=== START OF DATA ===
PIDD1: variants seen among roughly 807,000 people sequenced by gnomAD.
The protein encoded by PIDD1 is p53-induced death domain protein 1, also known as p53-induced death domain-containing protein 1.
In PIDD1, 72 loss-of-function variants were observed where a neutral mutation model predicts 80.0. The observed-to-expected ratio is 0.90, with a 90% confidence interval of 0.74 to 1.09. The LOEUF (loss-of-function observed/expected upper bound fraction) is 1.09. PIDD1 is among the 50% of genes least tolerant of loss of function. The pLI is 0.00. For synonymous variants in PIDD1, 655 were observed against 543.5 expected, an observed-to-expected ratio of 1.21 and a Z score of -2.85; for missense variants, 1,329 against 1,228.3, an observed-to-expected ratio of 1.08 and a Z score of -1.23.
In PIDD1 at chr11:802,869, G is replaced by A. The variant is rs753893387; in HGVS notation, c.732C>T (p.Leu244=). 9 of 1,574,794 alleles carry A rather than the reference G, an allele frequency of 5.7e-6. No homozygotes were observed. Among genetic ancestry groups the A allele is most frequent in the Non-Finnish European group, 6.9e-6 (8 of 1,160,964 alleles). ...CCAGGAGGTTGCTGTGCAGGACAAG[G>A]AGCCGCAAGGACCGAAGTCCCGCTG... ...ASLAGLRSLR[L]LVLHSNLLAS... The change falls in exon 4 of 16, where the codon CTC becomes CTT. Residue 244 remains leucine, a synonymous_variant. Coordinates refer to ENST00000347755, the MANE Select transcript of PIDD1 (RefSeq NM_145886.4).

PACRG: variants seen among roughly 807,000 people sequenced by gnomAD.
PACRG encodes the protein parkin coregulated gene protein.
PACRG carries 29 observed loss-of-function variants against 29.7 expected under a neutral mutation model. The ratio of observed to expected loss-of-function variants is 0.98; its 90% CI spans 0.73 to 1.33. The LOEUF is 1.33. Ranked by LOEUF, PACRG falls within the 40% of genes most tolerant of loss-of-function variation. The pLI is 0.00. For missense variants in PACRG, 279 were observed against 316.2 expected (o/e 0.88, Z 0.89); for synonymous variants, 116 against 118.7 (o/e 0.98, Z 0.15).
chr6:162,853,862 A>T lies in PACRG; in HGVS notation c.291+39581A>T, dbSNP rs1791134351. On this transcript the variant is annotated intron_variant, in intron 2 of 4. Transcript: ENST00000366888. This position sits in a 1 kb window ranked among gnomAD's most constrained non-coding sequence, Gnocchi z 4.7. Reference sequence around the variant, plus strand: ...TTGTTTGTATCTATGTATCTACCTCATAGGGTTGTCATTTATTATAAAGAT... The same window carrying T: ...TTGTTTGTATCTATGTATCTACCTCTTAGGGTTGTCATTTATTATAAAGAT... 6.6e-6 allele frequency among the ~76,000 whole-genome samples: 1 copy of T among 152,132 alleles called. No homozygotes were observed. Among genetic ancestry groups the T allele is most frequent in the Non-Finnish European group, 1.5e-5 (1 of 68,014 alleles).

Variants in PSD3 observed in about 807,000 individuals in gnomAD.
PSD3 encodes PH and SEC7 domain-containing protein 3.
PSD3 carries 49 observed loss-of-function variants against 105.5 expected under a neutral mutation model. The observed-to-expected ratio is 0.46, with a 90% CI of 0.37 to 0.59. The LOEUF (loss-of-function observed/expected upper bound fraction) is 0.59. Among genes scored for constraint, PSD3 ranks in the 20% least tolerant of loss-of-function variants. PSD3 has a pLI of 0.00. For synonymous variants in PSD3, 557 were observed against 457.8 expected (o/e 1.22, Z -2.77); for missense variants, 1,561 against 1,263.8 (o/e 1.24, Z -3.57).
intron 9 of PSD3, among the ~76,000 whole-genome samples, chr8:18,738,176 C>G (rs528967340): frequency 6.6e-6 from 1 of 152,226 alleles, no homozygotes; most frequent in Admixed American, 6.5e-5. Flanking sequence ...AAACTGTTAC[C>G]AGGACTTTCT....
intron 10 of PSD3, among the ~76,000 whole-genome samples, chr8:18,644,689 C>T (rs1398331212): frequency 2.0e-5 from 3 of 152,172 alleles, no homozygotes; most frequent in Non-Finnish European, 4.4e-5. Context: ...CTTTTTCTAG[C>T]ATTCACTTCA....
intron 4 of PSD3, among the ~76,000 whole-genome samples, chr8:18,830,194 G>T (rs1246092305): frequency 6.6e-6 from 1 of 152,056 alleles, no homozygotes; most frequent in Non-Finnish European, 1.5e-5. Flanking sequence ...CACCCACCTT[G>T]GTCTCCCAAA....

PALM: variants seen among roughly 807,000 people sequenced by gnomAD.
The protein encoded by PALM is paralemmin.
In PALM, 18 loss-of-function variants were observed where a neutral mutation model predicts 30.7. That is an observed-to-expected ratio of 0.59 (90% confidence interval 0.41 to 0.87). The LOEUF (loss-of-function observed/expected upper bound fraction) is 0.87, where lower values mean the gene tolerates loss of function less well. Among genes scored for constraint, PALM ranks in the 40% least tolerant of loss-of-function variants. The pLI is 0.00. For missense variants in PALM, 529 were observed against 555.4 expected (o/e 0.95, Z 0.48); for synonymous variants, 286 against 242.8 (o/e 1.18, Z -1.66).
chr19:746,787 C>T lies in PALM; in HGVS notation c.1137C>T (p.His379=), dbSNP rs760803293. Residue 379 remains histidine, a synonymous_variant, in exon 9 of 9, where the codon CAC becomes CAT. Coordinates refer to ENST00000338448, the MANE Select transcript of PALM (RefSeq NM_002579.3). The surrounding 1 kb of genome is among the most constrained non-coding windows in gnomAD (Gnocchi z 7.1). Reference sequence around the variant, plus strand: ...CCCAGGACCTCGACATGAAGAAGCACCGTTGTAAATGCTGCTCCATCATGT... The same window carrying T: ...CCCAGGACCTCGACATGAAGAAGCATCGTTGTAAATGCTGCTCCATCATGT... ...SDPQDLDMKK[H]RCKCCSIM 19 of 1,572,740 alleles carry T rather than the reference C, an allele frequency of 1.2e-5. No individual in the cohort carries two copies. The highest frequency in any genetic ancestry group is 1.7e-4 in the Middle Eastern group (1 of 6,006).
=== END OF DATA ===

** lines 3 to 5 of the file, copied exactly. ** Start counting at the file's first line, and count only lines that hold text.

In PIDD1, 72 loss-of-function variants were observed where a neutral mutation model predicts 80.0. The observed-to-expected ratio is 0.90, with a 90% confidence interval of 0.74 to 1.09. The LOEUF (loss-of-function observed/expected upper bound fraction) is 1.09. PIDD1 is among the 50% of genes least tolerant of loss of function. The pLI is 0.00. For synonymous variants in PIDD1, 655 were observed against 543.5 expected, an observed-to-expected ratio of 1.21 and a Z score of -2.85; for missense variants, 1,329 against 1,228.3, an observed-to-expected ratio of 1.08 and a Z score of -1.23.
In PIDD1 at chr11:802,869, G is replaced by A. The variant is rs753893387; in HGVS notation, c.732C>T (p.Leu244=). 9 of 1,574,794 alleles carry A rather than the reference G, an allele frequency of 5.7e-6. No homozygotes were observed. Among genetic ancestry groups the A allele is most frequent in the Non-Finnish European group, 6.9e-6 (8 of 1,160,964 alleles). ...CCAGGAGGTTGCTGTGCAGGACAAG[G>A]AGCCGCAAGGACCGAAGTCCCGCTG... ...ASLAGLRSLR[L]LVLHSNLLAS... The change falls in exon 4 of 16, where the codon CTC becomes CTT. Residue 244 remains leucine, a synonymous_variant. Coordinates refer to ENST00000347755, the MANE Select transcript of PIDD1 (RefSeq NM_145886.4).

PACRG: variants seen among roughly 807,000 people sequenced by gnomAD.